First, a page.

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that they have not sufficient room for the number of children who are desirous of admittance.
One of the secretaries reported that the efforts of the subcommittee appointed to form adult schools at Woolwich, bad been attended with success: thirteen men and three women* being now under instruction.
The Rev. Mr. Purkis stated, that two school-rooms are nearly completed (in connexion with a chapel) at the Canal Bridge, capable of receiving 160 children, and from an enquiry instituted, he had not a doubt but the attendance of that number will be secured so soon as the rooms are fit for their reception.
The meeting was informed by the Rev. Mr. Scott, that a roon had been taken by the committee of the school at East-street, which will present an opening for a considerable accession of children.
W. Stone, Esq. John Dyer, Esq. the Rev. Messrs. Purkis and Scott, and the secretaries, severally addressed the meeting upon the benefits resulting from Sunday School tuition, both as it respects the community at large, as well as those engaged in it, and pressing the necessity of an unwearied zeal in so arduous, but important and honorable an employment.
The chairman concluded with prayer.
N. B. The school at Dartmouth-row chapel, has increased to 103, it consists wholly of boys, only one teacher attends, the rest of the business is performed by Monitors. The Woolwich-road School goes on well.
Extract from the Bath and Cheltenham Gazette, of Decem
ber, 14th, 1814. MR. EDITOR,
Lyncomb, Dec. 12th, 1814. I BEG leave to trouble you with a few particulars of a meeting of the “ Bath Sunday School Union,” held on Tuesday last, at the Chapel of the Countess of Huntingdon, in this city.-The Rev. Dr. Haweis in the chair.
The business commenced with a report by Mr. Whitchurch, one of the secretaries, of the proceedings of the society since the last meeting, together with a summary view of the Sunday Schools established under the Union within twelve miles of Bath, whereby it appeared that about 3100 poor children had been made partakers of the invaluable blessing of education. After drawing a lively picture of the happy and wonderful progress, in forming and carrying on schools for the rising generation, the secretary took notice of the great advancement lately made in this city and its vicinity, in teaching grown persons to read the Bible. It ap
The women have since increased to seven.
peared that several “ Adult Schools” had been established here, and that 207 persons, male and female, (some very old) lad attained an ability to read, or were under instruction.
The meeting was favoured with the company of Dr. Pole, and Stephen Prust, Esq. of Bristol, gentlemen who take a lively interest in promoting schools for adults in that city and its neighbourhood; the latter indeed may be said to have been a principal instrument in the hands of Divine Providence, in bringing these schools to the state of perfection they have attained in that city. In this labour of love, Mr. Prust had been assisted by a benevolent individual
, in a very humble station of life, who having observed with regret that notwithstanding the numerous Bible Societies which had been instituted, that blessed book was of little use to those who were unable to read, formed a noble and generous design for the instruction of such ignorant poor persons. Countenanced by this friend of humanity, the humble philanthropist visited most of the poor in the city of Bristol, and took down the names of those grown persons who could not read, as well as those who were desirous of being taught; whence arose the several Adult Schools in that city, which appear to have been signally blessed to the enlightening inany darkened minds. The number of adults in Bristol and its vicinity taught or under instruction, is stated to be about 2000.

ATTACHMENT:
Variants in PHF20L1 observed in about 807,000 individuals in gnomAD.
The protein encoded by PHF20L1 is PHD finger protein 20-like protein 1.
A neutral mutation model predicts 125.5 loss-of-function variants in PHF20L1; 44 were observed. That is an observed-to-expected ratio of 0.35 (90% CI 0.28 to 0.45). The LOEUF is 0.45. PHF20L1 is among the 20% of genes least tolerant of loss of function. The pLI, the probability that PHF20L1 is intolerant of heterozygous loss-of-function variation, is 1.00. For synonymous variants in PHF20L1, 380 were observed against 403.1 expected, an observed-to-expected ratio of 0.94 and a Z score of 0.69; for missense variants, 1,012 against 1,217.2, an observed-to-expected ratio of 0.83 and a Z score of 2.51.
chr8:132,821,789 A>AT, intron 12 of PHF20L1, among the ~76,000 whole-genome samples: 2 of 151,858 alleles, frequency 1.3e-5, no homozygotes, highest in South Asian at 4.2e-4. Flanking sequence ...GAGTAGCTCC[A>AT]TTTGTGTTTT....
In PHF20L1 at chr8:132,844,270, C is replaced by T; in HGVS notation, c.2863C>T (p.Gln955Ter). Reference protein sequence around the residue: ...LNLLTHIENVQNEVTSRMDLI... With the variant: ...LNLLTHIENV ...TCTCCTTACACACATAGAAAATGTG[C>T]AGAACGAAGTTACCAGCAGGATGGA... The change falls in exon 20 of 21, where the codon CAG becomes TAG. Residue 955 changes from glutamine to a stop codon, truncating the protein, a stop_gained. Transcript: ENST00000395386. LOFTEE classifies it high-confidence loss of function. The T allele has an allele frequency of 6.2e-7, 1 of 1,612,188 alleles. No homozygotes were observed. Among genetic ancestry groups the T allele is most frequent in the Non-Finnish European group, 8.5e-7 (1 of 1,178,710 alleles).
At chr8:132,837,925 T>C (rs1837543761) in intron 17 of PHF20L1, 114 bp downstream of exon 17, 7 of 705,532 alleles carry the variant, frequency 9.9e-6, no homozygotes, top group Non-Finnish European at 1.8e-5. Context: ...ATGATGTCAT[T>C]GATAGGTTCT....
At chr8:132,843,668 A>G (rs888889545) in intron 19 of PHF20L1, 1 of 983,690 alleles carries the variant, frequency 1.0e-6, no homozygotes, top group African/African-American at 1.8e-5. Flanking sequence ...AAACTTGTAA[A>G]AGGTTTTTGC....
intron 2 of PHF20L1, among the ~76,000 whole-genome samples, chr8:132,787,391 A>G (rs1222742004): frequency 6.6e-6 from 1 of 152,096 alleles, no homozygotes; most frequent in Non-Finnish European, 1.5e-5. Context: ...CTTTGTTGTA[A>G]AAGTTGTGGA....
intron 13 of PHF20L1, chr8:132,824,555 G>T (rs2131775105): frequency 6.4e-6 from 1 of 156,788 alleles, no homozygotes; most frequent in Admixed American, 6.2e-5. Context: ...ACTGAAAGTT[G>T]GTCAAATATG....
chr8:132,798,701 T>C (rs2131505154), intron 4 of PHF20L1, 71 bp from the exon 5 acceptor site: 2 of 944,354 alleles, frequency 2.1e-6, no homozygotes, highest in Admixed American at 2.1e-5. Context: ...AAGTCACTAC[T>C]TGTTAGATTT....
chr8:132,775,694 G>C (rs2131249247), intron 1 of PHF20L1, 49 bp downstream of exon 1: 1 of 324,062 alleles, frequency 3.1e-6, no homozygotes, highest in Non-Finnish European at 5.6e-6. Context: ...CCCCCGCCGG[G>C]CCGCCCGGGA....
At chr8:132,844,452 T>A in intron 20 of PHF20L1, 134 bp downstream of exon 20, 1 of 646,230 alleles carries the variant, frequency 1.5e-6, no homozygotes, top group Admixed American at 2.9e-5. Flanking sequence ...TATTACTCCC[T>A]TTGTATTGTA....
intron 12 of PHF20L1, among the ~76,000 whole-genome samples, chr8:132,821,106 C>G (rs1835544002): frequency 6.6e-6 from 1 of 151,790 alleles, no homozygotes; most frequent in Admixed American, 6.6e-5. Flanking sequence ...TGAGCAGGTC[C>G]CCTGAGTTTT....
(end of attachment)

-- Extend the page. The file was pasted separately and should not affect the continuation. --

Dr. Pole and Mr. Prust severally addressed the meeting in a lively and feeling manner;* and were ably followed by the Rev. T. Roberts.-Mr. Prust, in the course of his speech, introduced several anecdotes illustrative of the good effects of adult schools. With your permission, Mr. Editor, I will subjoin one of these, which I trust will prove as acceptable to your readers as it was to the late meeting.
A FRIEND TO THE POOR. The case alluded to was that of a poor woman, who told Mr. P. that she had cause to bless God for Adult Schools. Her husband was not only the tyrant of his own house, but the terror of the neighbourhood; as the first information she had of his return hone (late at night) was his knocking down the watchman, quarrelling with his companions, or insulting whoever happened to be as late as himself in the street. These were the signals for her to secure her crockery ware, which in these drunken fits it was his delight to break, then horsewhip her soundly, and retire to rest. This horrid life she endured for years; and, what added to her pitiable situation, her husband seldom brought her home any of his earnings, but spent them at the ale-house: while she, by in
• We understand that Dr. Pole's address will appear shortly in the form of a pamphlet. VOL. 11.
cessant hard labour as a waslierwoman, could scarcely keep hierself and children in existence. At length she perceived an improvement in his behaviour: he came home earlier, was less unkind, and by degrees became bearable. Still she dared not ask him the cause, till one evening he said, " Where dost think I have been, Bet ?” “I don't know, Jolm; but wherever you have been, I hope you will go again; I never saw such an alteration in a man
lite." I have been at the Adult School, where I have been learning to read, and can now read in the Bible, which has told me that I was going headlong to hell; so I have done with the alehouse and my drunken companions; and thou shalt go, Bet; and when thou canst read too, we may be as happy as others." She went, learnt to read, and while learning the letter, they drank into the spirit of the Bible; they became vital Christians, and, from being the most miserable, they were now among the most happy of human beings. That tongue, which uttered blasphemy, was now filled with praise; those lips which breathed curses, scandal, and obscenity, now were daily employed in prayer to God for a blessing on his family. In short, the change in his whole conduct was so great as to excite the astonishment of his neighbours, and produced in the breast of his wife, the most lively emotions of gratitude to God. She often looked on him with astonishment, and could scarcely think he was her husband; he was become so conscientious in his dealings, so honest, so industrious, that he would not mis-spend a moment: they were lately in the extreme of poverty, but were now in comparative afiluence: all their wants were supplied; habits of frugality, of charity; of brotherly kindness, were formed; and that house, which was lately a hell upon earth, was now become a paradise.